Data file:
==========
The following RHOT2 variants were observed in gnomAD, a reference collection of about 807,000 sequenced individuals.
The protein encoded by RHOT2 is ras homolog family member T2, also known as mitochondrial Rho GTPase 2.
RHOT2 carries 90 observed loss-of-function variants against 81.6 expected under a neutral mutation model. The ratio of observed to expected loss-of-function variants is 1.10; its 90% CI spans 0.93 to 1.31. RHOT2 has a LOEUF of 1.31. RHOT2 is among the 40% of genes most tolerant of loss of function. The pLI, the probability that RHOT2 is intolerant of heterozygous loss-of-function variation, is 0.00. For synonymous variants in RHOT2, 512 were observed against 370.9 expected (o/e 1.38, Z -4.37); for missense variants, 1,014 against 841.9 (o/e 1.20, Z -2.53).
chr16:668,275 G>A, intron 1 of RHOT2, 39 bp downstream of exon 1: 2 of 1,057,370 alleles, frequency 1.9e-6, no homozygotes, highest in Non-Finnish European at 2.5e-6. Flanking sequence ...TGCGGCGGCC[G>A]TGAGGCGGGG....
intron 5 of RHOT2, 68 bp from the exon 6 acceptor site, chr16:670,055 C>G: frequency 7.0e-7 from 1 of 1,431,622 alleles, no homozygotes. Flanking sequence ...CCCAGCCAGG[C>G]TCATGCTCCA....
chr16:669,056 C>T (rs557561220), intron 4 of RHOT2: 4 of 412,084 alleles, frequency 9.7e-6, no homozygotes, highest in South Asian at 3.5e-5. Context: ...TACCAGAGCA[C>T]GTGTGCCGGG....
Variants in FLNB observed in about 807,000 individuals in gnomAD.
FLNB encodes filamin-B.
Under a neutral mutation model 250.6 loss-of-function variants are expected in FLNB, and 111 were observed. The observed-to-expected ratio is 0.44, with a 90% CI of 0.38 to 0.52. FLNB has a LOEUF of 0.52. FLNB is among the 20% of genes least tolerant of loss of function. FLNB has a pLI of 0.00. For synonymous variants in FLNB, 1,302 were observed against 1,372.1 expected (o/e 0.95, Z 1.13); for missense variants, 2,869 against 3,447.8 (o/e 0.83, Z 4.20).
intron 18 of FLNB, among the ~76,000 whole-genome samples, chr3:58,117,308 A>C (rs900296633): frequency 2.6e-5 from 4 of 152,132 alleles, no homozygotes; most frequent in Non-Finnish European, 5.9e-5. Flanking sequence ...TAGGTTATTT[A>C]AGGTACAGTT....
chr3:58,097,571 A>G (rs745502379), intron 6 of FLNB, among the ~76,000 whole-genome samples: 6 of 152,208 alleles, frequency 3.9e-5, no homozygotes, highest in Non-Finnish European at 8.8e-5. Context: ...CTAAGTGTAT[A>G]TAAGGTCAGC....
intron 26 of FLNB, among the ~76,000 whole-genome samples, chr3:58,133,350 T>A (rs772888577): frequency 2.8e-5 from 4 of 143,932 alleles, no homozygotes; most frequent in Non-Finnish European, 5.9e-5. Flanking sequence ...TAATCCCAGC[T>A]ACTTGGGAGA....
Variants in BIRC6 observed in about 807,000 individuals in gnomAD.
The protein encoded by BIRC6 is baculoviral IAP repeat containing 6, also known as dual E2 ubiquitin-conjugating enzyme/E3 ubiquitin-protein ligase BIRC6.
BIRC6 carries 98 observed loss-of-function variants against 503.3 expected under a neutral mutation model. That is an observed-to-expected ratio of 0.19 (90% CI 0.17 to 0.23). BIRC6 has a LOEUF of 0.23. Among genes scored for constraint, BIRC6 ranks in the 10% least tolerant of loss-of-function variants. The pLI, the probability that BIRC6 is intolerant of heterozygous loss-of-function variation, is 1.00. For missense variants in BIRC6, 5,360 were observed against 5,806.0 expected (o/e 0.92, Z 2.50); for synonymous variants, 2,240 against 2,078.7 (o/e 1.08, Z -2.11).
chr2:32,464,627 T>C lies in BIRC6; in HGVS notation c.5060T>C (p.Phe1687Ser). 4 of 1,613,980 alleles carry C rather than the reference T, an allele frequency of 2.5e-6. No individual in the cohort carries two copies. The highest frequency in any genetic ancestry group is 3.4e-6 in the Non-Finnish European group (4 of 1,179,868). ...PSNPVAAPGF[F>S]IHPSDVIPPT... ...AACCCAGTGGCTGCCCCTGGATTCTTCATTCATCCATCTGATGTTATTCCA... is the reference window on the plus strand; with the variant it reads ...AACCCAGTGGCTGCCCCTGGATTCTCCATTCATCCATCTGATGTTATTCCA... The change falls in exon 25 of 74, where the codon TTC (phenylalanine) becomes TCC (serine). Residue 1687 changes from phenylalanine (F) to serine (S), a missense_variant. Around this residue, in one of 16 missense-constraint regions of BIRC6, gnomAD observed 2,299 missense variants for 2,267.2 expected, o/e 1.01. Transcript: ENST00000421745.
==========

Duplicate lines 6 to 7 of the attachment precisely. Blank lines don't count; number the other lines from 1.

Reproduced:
chr16:669,056 C>T (rs557561220), intron 4 of RHOT2: 4 of 412,084 alleles, frequency 9.7e-6, no homozygotes, highest in South Asian at 3.5e-5. Context: ...TACCAGAGCA[C>T]GTGTGCCGGG....
Variants in FLNB observed in about 807,000 individuals in gnomAD.